• Agnes Bodis

      Thank you for the comment, Michael! My post doesn’t mention here but social media comments in my data set mention accent as an issue as well e.g. foreign nurses cannot pronounce this and that properly or cannot understand a word because the patient speaks with an Australian accent. Language competency can quite often be misjudged because of accent – mostly judged as lower because of not sounding ‘native’. So this becomes another ‘layer’ of deeming L2 speakers of English as dangerous/incompetent: however high your proficiency is, you sound foreign.
      It’s interesting that you mention the need to define ‘Australianness’, especially with the tendency to call all sorts of behaviour ‘un-Australian’ in political debates.

  • S. J. L.

    I think this article points out an important issue in Australia. Generally, a certificate is given to those who achieve the enough educational standards. And it guarantees its holder’s capability. Considering a university degree is a kind of a certificate, the degree indicates an alumnus’ ability. Thus, if a person holds an Australian university’s degree, the person is expected to have high English proficiency. So, as long as a university offers a student with a low English proficiency, it will undermine the authority of a university in Australia. At the same time, it will fix Australians’ stereotype of international students as the students with poor English.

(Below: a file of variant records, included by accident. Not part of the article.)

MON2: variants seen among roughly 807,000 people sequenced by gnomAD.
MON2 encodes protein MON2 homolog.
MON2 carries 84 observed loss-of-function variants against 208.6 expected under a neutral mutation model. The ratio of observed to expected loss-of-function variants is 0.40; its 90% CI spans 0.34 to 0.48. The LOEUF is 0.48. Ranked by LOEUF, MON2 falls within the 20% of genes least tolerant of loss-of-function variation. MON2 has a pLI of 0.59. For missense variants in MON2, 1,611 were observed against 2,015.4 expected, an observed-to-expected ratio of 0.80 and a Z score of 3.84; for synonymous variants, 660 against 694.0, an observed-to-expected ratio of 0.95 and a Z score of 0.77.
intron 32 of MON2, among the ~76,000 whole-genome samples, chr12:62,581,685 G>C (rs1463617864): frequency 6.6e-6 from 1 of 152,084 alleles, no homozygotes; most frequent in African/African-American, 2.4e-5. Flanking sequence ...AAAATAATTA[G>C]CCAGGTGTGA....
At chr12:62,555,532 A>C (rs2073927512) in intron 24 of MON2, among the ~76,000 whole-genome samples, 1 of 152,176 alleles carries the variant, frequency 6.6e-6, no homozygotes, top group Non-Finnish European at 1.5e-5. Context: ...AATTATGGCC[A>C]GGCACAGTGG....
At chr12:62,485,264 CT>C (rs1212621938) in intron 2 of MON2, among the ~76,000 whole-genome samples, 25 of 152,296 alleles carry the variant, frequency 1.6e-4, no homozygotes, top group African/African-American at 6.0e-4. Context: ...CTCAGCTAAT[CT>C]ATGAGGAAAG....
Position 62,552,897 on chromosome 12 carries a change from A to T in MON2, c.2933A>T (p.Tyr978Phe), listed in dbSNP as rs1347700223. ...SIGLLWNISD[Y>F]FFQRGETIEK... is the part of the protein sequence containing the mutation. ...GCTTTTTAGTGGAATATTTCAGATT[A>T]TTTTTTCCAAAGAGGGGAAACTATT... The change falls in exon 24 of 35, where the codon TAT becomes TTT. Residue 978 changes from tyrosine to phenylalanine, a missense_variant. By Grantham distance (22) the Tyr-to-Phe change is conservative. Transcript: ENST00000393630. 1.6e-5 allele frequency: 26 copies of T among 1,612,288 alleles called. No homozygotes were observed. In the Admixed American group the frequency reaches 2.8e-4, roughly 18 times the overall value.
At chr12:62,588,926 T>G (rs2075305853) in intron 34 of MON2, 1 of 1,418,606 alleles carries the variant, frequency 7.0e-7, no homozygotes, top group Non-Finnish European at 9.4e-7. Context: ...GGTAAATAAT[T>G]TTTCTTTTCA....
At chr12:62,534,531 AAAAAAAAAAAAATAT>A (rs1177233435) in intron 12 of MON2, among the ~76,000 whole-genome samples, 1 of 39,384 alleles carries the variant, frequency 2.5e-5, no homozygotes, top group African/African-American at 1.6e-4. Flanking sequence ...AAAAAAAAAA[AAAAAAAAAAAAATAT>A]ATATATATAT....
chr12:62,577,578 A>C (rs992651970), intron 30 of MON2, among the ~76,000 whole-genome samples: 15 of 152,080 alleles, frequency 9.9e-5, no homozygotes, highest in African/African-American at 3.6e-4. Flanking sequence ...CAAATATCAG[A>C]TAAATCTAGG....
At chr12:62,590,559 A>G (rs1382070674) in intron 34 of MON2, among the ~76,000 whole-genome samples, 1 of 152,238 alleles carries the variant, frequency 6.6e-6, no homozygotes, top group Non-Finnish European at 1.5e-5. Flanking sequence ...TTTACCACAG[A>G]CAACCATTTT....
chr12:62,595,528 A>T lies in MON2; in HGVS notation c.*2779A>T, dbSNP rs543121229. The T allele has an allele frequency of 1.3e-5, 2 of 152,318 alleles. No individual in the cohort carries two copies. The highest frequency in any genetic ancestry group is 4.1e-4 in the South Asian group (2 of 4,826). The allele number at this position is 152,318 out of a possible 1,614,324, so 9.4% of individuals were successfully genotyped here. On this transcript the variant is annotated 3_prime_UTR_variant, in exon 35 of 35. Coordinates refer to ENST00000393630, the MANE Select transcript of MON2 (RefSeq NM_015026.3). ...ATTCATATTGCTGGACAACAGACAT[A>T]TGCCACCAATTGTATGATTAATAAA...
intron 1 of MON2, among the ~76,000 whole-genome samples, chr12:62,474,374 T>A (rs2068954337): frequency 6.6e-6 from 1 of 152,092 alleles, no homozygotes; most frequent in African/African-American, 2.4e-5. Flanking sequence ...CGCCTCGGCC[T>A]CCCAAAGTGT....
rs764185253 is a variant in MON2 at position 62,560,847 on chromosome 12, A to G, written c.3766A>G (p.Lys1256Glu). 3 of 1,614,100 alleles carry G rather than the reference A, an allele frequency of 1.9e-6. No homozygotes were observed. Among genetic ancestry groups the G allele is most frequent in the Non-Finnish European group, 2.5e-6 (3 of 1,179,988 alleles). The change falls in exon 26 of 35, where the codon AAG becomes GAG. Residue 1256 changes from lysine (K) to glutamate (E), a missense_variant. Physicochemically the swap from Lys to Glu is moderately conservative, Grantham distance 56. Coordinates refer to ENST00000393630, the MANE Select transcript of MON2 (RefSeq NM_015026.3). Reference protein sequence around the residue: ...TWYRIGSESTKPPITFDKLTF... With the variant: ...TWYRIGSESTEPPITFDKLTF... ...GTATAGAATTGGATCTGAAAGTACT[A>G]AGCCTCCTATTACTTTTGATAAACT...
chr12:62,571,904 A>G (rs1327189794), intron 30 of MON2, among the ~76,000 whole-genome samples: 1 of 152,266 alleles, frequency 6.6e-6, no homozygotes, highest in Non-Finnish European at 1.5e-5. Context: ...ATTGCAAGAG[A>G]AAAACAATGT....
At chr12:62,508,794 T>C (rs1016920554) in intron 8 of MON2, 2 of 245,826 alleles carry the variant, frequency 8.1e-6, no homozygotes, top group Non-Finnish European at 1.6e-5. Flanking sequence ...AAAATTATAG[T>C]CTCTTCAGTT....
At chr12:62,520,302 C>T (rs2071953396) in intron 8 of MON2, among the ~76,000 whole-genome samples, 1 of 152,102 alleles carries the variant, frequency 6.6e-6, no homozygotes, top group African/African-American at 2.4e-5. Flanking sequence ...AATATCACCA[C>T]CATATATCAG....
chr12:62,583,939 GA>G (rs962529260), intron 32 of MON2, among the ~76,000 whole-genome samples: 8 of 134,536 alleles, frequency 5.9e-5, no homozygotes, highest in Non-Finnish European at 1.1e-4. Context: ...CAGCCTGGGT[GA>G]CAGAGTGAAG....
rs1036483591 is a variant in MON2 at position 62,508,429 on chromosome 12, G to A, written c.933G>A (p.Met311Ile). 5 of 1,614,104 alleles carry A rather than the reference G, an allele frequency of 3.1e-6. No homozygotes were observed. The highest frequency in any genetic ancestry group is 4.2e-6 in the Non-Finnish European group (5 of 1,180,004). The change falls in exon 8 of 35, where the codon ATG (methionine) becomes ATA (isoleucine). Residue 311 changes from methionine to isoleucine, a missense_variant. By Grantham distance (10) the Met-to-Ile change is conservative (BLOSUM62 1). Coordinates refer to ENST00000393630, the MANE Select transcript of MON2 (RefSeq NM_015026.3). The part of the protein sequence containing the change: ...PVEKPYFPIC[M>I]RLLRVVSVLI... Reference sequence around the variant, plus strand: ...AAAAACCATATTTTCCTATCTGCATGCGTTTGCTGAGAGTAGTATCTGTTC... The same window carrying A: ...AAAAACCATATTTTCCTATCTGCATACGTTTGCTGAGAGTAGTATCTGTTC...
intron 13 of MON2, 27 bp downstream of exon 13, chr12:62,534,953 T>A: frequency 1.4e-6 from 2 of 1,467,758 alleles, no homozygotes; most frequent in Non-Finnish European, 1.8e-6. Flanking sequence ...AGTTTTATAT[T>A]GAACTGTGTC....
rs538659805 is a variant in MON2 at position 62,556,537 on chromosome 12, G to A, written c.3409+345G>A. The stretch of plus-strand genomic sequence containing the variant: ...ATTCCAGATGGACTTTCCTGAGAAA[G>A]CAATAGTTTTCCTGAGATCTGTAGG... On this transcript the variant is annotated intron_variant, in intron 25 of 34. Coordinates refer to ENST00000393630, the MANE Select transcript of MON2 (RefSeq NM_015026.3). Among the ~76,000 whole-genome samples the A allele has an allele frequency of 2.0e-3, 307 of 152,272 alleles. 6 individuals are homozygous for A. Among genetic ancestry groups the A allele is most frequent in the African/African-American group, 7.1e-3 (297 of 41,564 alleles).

• Agnes Bodis

    Thank you, Rose! As you say, there are all sorts of other things, apart from language proficiency, that can be challenging for international students: culture shock, a completely new academic system, increased need for learner autonomy, emotional issues, housing issues etc. So questioning the validity of IELTS overall and blaming some students’ low performance in writing on an international language test (which goes through rigorous processes of validation, standardization, pre-testing etc – I’m not sure how familiar you are with language testing as a field) does not help solve the problem, I’m afraid. The underlying problem is the monolingual bias: seeing L2 speakers of English as problematic and expecting them to all of a sudden behave like any ‘local’ student does (as if they were a homogenous group with some superior qualities – this is also part of my findings). So yes, learners need to take ownership of their learning, as you say, but eventually, and they should not be expected to do so from Day 1.